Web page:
Many other such programmes exist across Africa. The Women Enterprise Fund, for example, provides Kenyan women entrepreneurs with access to credit. The Isivande Women’s Fund in South Africa also provides finance for women in business. And a World Bank-supported initiative in Zambia (the Girls Education, Women Empowerment and Livelihoods project) trains women in business management and provides them with seed capital.
In politics and leadership, though, women are still far behind men, despite evidence that leadership by women improves the decision-making process. While there are exceptions – Rwanda, for example, has the highest percentage (61.3% in December 2017) of female members of parliament in the world – there has been slippage in countries such as Nigeria where the number of female cabinet ministers fell from 11 during the past administration to five in the present.
While only 5% of private sector companies in the continent have female CEOs, Odunaiya believes there has been a big improvement in female leadership of businesses. ‘In the financial services sector, women membership of boards is being encouraged by the need to disclose gender diversity. This is also being played out in the bigger public companies. Female board membership in these segments of business is higher now, compared with five years ago… Companies’ disclosure of data on women in the workforce and their women empowerment initiatives will draw attention to the need for diversity.’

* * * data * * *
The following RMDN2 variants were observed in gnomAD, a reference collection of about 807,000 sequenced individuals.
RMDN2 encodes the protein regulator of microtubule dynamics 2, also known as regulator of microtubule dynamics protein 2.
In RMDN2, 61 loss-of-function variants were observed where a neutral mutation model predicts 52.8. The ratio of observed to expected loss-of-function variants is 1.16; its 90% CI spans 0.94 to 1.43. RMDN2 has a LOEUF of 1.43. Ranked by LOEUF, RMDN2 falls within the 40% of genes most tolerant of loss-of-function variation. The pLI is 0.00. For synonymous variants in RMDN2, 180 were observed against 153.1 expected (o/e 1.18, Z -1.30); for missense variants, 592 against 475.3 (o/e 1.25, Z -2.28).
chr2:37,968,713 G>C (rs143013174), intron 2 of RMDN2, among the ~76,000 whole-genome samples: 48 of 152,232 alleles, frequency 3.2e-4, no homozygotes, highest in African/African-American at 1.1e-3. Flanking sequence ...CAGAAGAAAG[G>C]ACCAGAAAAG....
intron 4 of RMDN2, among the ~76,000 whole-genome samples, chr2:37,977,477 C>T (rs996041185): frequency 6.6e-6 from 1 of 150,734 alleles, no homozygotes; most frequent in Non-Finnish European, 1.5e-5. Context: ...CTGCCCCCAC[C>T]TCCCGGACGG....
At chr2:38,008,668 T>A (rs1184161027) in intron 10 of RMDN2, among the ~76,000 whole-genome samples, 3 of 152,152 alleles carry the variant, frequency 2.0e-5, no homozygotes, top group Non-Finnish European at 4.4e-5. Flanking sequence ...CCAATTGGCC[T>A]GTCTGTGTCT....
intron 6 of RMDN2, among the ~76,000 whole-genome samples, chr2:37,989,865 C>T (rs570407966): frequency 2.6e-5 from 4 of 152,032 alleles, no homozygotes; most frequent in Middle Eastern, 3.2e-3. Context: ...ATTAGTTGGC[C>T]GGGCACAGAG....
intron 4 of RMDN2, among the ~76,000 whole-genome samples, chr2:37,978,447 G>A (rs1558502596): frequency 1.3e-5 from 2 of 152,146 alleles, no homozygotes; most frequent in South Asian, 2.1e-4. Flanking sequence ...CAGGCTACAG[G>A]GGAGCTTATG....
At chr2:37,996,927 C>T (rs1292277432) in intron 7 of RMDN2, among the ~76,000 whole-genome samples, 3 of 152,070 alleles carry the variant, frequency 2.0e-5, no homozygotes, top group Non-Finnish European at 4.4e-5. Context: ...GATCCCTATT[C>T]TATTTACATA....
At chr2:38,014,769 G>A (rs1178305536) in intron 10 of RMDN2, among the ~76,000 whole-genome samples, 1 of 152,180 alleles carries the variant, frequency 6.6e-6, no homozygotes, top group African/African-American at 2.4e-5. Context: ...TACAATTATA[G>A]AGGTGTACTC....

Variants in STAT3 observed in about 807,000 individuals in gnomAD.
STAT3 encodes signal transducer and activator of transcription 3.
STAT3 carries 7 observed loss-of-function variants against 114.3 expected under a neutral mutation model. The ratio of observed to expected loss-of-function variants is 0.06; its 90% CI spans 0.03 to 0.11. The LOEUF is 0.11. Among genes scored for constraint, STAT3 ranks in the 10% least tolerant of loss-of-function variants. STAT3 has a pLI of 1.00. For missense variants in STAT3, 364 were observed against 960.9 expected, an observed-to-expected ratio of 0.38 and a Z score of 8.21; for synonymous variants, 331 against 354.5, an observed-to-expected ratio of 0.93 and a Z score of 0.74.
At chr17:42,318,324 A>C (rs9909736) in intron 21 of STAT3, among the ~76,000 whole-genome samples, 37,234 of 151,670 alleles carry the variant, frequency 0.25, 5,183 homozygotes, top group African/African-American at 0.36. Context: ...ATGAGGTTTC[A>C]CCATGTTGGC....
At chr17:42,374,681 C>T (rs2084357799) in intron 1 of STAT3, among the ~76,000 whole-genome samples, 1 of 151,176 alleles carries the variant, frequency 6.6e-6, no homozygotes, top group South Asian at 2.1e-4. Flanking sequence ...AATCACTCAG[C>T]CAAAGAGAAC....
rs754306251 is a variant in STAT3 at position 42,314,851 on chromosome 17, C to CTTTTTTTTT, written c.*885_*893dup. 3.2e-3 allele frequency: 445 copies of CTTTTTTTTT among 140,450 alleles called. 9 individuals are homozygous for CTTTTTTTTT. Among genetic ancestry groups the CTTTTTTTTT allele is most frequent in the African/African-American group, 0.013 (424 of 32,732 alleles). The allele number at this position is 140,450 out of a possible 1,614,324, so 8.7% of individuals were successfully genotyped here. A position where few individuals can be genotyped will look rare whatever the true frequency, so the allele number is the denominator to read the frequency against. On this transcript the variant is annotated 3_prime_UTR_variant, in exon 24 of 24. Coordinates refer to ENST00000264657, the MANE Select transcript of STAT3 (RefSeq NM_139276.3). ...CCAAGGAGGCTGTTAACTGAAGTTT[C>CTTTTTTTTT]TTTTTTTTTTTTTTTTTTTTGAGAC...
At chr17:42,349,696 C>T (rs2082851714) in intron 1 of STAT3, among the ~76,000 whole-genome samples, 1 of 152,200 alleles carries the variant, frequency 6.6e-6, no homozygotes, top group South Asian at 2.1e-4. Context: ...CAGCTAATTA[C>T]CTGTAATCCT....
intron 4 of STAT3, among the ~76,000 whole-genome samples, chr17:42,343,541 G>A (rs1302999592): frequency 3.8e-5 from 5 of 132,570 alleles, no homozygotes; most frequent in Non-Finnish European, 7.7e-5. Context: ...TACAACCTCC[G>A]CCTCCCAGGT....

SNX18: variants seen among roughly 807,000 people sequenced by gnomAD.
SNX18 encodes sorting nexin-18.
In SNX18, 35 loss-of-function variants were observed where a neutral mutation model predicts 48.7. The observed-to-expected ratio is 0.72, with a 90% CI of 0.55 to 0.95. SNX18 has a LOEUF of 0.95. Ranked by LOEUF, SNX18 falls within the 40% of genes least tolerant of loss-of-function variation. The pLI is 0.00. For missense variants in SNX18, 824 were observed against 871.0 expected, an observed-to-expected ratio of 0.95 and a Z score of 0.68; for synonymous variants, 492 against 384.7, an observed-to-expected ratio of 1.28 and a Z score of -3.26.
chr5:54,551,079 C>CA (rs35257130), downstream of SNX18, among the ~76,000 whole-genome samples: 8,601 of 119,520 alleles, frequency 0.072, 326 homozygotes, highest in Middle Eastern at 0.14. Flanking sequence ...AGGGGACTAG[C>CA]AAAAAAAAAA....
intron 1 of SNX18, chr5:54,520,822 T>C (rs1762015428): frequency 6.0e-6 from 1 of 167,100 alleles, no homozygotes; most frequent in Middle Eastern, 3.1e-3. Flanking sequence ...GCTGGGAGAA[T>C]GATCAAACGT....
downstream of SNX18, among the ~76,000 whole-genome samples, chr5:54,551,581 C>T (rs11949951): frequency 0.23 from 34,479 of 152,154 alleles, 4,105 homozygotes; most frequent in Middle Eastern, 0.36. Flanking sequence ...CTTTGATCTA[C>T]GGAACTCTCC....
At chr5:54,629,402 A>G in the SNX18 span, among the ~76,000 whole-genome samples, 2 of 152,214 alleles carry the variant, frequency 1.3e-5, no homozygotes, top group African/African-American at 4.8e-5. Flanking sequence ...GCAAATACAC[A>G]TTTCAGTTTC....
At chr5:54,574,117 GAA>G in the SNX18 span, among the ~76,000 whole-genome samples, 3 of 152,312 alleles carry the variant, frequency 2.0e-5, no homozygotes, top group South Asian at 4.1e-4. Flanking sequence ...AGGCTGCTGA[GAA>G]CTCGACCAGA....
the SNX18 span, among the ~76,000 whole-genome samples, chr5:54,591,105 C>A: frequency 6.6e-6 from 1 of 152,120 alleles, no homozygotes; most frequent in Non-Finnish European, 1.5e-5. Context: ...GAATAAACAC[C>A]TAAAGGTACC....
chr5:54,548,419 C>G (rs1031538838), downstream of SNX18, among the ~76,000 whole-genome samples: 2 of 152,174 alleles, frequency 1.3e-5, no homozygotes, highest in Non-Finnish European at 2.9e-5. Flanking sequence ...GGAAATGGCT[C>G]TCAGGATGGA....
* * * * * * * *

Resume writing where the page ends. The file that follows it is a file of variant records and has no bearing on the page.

Abuse of women has been highlighted recently by the #MeToo movement, which has called out many prominent men in the developed world. In Africa, practices such as under-age marriage predispose women to violence by their partners. According to 2016 Unicef statistics, 38% of girls in sub-Saharan Africa are married by the age of 18, 12% by the time they are 15. Poverty, religion and traditional practices drive child marriage, resulting in limited opportunities for girls. Women also face issues such as genital mutilation, human trafficking and forced labour.
Some governments have responded with legislation. Tunisia, for example, has introduced a law outlawing violence against women, and Nigeria works to protect them through its National Agency for the Prohibition of Trafficking in Persons.
Some years back the US Supreme Court justice Ruth Bader Ginsburg said: ‘Women belong in all places where decisions are being made... It shouldn’t be that women are the exception.’ It is time to actively work to make this the case in Africa.
It’s not just business that needs to act. African governments must find ways to reduce violence against women, educate them, and get as many of them as possible into good jobs. It is in the interest of the continent’s development to do so.
Okey Umeano is head of risk management at Nigeria’s Securities and Exchange Commission
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Women in parliament
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"Women belong in all places where decisions are being made... It shouldn’t be that women are the exception"